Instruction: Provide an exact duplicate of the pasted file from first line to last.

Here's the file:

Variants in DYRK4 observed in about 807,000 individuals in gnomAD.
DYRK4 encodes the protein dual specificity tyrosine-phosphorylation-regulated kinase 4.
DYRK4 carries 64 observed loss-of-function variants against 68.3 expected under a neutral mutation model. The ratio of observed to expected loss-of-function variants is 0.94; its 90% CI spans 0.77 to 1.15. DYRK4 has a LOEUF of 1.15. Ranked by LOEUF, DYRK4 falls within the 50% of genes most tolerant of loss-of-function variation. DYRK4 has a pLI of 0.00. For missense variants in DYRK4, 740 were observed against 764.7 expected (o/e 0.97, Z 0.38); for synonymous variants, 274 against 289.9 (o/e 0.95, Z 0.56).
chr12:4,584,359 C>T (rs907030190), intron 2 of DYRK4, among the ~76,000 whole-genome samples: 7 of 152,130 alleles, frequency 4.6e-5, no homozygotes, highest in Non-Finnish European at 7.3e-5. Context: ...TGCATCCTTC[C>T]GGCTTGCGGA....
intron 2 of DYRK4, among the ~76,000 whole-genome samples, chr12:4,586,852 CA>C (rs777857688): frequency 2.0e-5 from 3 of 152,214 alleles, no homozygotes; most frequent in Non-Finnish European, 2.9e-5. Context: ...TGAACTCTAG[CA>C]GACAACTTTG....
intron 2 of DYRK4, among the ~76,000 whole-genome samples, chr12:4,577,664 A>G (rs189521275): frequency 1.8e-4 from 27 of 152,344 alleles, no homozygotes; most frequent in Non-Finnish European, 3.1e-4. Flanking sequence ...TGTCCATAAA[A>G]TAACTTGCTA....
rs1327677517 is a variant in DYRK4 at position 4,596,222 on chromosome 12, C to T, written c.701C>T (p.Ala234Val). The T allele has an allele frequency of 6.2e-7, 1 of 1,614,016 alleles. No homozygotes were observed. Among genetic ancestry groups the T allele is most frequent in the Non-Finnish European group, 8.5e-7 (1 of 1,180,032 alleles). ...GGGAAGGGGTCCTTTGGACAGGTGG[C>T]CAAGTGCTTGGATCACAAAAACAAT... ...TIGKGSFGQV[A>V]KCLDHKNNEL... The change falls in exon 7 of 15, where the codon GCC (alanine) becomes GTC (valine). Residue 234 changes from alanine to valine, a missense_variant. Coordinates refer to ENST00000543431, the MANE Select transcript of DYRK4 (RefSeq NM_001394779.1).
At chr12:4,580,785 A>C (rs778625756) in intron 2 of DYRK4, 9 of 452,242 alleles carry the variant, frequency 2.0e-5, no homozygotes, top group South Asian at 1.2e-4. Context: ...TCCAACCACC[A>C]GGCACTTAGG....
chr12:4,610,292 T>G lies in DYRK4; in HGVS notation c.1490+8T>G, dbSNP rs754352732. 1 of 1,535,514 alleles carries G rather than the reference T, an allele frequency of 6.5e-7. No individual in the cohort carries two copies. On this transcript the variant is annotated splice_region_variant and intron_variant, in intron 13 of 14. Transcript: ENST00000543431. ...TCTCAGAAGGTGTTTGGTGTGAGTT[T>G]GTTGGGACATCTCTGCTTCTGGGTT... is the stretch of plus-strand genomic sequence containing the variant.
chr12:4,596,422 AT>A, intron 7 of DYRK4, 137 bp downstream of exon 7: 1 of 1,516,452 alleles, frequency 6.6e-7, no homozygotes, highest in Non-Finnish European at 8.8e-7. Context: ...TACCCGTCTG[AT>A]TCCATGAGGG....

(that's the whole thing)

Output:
Variants in DYRK4 observed in about 807,000 individuals in gnomAD.
DYRK4 encodes the protein dual specificity tyrosine-phosphorylation-regulated kinase 4.
DYRK4 carries 64 observed loss-of-function variants against 68.3 expected under a neutral mutation model. The ratio of observed to expected loss-of-function variants is 0.94; its 90% CI spans 0.77 to 1.15. DYRK4 has a LOEUF of 1.15. Ranked by LOEUF, DYRK4 falls within the 50% of genes most tolerant of loss-of-function variation. DYRK4 has a pLI of 0.00. For missense variants in DYRK4, 740 were observed against 764.7 expected (o/e 0.97, Z 0.38); for synonymous variants, 274 against 289.9 (o/e 0.95, Z 0.56).
chr12:4,584,359 C>T (rs907030190), intron 2 of DYRK4, among the ~76,000 whole-genome samples: 7 of 152,130 alleles, frequency 4.6e-5, no homozygotes, highest in Non-Finnish European at 7.3e-5. Context: ...TGCATCCTTC[C>T]GGCTTGCGGA....
intron 2 of DYRK4, among the ~76,000 whole-genome samples, chr12:4,586,852 CA>C (rs777857688): frequency 2.0e-5 from 3 of 152,214 alleles, no homozygotes; most frequent in Non-Finnish European, 2.9e-5. Context: ...TGAACTCTAG[CA>C]GACAACTTTG....
intron 2 of DYRK4, among the ~76,000 whole-genome samples, chr12:4,577,664 A>G (rs189521275): frequency 1.8e-4 from 27 of 152,344 alleles, no homozygotes; most frequent in Non-Finnish European, 3.1e-4. Flanking sequence ...TGTCCATAAA[A>G]TAACTTGCTA....
rs1327677517 is a variant in DYRK4 at position 4,596,222 on chromosome 12, C to T, written c.701C>T (p.Ala234Val). The T allele has an allele frequency of 6.2e-7, 1 of 1,614,016 alleles. No homozygotes were observed. Among genetic ancestry groups the T allele is most frequent in the Non-Finnish European group, 8.5e-7 (1 of 1,180,032 alleles). ...GGGAAGGGGTCCTTTGGACAGGTGG[C>T]CAAGTGCTTGGATCACAAAAACAAT... ...TIGKGSFGQV[A>V]KCLDHKNNEL... The change falls in exon 7 of 15, where the codon GCC (alanine) becomes GTC (valine). Residue 234 changes from alanine to valine, a missense_variant. Coordinates refer to ENST00000543431, the MANE Select transcript of DYRK4 (RefSeq NM_001394779.1).
At chr12:4,580,785 A>C (rs778625756) in intron 2 of DYRK4, 9 of 452,242 alleles carry the variant, frequency 2.0e-5, no homozygotes, top group South Asian at 1.2e-4. Context: ...TCCAACCACC[A>C]GGCACTTAGG....
chr12:4,610,292 T>G lies in DYRK4; in HGVS notation c.1490+8T>G, dbSNP rs754352732. 1 of 1,535,514 alleles carries G rather than the reference T, an allele frequency of 6.5e-7. No individual in the cohort carries two copies. On this transcript the variant is annotated splice_region_variant and intron_variant, in intron 13 of 14. Transcript: ENST00000543431. ...TCTCAGAAGGTGTTTGGTGTGAGTT[T>G]GTTGGGACATCTCTGCTTCTGGGTT... is the stretch of plus-strand genomic sequence containing the variant.
chr12:4,596,422 AT>A, intron 7 of DYRK4, 137 bp downstream of exon 7: 1 of 1,516,452 alleles, frequency 6.6e-7, no homozygotes, highest in Non-Finnish European at 8.8e-7. Context: ...TACCCGTCTG[AT>A]TCCATGAGGG....